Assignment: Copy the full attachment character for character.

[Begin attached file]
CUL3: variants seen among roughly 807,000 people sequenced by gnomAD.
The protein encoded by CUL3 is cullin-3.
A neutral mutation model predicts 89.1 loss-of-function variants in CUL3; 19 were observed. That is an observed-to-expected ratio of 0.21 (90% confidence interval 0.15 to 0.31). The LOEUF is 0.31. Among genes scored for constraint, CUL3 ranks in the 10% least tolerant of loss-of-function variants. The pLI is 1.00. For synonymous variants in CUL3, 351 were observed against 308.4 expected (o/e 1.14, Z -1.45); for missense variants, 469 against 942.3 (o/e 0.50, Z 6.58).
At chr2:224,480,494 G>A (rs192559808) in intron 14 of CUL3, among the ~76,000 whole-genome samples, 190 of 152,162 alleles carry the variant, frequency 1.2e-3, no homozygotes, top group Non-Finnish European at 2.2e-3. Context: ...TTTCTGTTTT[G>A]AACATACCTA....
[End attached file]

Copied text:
CUL3: variants seen among roughly 807,000 people sequenced by gnomAD.
The protein encoded by CUL3 is cullin-3.
A neutral mutation model predicts 89.1 loss-of-function variants in CUL3; 19 were observed. That is an observed-to-expected ratio of 0.21 (90% confidence interval 0.15 to 0.31). The LOEUF is 0.31. Among genes scored for constraint, CUL3 ranks in the 10% least tolerant of loss-of-function variants. The pLI is 1.00. For synonymous variants in CUL3, 351 were observed against 308.4 expected (o/e 1.14, Z -1.45); for missense variants, 469 against 942.3 (o/e 0.50, Z 6.58).
At chr2:224,480,494 G>A (rs192559808) in intron 14 of CUL3, among the ~76,000 whole-genome samples, 190 of 152,162 alleles carry the variant, frequency 1.2e-3, no homozygotes, top group Non-Finnish European at 2.2e-3. Context: ...TTTCTGTTTT[G>A]AACATACCTA....